Friday, July 16, 2004
43 days until moving day.
Something about creativity tickles my fancy.
From "Six Design Lessons From the Apple Store":
1. Create an experience, not an artifact.
2. Honor context.
3. Prioritize your messages.
4. Institute consistency.
5. Design for change.
6. Don’t forget the human element.

(link via)
Furthermore, IKEA is looking for a few good people (link via):
"WE'RE HIRING WHY-SAYERS. People who want to make things better. Make things more fun. More clever. People who aren't afraid of the boss. People who aren't restricted by convention, but challenged by it. People who fit perfectly at IKEA. Because it's the why that makes us successful."

Certainly, these are rich philosophies for retail. Are these ideas I can carry with me whenever I go to church, i.e., gather together with other Christians? Should I?
The Church is not a retail organization. It is people--people enriched by God, people enriched by each other. If the goal is manipulation and/or entertainment, then leave the creative philosophies with retail stores.
If however, it better equips to equip, serve and connect with the people around me and with God, then, by all means, let the creativity flow.

posted by Peter at 1:44 PM
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Monday, July 12, 2004
Exactly why the music of Pedro the Lion has been reverberating in my skull like a caffeinated pinball most recently...

Bazan's own faith is clearly a work in progress. He feels Pedro the Lion is "representing a minority of people who deserve somebody to stand up and say, 'I believe in the deity of Christ, and yet I can't honestly call myself a Christian.' " On Pedro's new record, Bazan offers to buy anyone interested a drink and "tell you why I doubt it and why I still believe."



That God tolerates doubt is perhaps the greatest hope to believe. That Grace alone tips the scales against my laundry list of reasons not to believe...

If my soul could absorb that, then I guess I could be some sort of Faith superhero.


Reminds of the following exchange in Kubrick's Vietnam flick Full Metal Jacket:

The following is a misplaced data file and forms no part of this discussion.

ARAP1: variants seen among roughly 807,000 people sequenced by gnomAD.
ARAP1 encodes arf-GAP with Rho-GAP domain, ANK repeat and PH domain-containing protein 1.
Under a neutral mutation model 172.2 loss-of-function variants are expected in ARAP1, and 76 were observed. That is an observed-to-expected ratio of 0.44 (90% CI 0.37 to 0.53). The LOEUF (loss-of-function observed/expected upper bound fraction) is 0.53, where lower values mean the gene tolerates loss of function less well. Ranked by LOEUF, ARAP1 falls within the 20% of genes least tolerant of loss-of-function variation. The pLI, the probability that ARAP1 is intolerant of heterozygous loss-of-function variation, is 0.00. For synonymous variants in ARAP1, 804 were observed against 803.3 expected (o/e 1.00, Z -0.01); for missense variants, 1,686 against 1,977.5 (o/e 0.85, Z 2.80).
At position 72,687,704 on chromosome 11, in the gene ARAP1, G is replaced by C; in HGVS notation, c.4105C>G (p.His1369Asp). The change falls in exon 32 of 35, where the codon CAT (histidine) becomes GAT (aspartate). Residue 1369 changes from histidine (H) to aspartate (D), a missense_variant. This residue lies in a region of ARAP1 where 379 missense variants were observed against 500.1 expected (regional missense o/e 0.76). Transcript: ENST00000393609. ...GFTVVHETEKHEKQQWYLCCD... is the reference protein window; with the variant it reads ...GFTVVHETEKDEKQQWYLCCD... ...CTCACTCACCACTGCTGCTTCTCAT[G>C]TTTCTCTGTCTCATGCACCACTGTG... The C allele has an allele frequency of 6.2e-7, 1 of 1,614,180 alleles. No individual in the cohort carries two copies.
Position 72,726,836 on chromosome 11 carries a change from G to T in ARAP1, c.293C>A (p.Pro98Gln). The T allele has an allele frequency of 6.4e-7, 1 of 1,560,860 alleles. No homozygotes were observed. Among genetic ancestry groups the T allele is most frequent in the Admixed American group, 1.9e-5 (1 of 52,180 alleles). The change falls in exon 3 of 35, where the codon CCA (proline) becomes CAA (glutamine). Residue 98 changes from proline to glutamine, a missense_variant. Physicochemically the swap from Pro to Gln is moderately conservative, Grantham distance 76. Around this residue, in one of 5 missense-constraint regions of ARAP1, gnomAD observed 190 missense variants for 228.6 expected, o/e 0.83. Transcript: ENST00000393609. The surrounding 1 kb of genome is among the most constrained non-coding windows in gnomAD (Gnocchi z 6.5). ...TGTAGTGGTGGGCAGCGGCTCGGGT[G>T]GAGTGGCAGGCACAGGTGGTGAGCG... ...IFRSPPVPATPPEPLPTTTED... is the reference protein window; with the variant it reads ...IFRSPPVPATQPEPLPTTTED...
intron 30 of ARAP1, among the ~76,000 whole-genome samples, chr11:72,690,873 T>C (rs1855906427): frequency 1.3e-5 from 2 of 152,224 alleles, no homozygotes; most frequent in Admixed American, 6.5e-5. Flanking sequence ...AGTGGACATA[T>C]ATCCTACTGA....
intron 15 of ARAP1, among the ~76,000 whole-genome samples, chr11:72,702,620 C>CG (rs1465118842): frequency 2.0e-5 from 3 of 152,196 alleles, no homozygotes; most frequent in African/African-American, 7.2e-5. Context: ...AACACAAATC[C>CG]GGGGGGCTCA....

Pogue Colonel: Marine, what is that button on your body armor?
Private Joker: A peace symbol, sir.
Pogue Colonel: Where'd you get it?
Private Joker: I don't remember, sir.
Pogue Colonel: What is that you've got written on your helmet?
Private Joker: "Born to Kill", sir.
Pogue Colonel: You write "Born to Kill" on your helmet and you wear a peace button. What's that supposed to be, some kind of sick joke?
Private Joker: No, sir.
Pogue Colonel: You'd better get your head and your ass wired together, or I will take a giant shit on you.
Private Joker: Yes, sir.
Pogue Colonel: Now answer my question or you'll be standing tall before the man.
Private Joker: I think I was trying to suggest something about the duality of man, sir.
Pogue Colonel: The what?
Private Joker: The duality of man. The Jungian thing, sir.
Pogue Colonel: Whose side are you on, son?
Private Joker: Our side, sir.
Pogue Colonel: Don't you love your country?
Private Joker: Yes, sir.
Pogue Colonel: Then how about getting with the program? Why don't you jump on the team and come on in for the big win?
Private Joker: Yes, sir.
Pogue Colonel: Son, all I've ever asked of my marines is that they obey my orders as they would the word of God. We are here to help the Vietnamese, because inside every gook there is an American trying to get out. It's a hardball world, son. We've gotta keep our heads until this peace craze blows over.
Private Joker: Aye-aye, sir.

Of course, there's the obnoxious Evangelical drill sargearnt in my head telling me to get with the program, hop on for the big win.

But I don't buy it.

I'd like to think that God is okay with me simultaneously clinging to my belief in one hand and my unbelief in the other. I'd like to think that somehow makes me human.

Pisteuo. Boethei mou tei apistia.

posted by Peter at 11:20 AM
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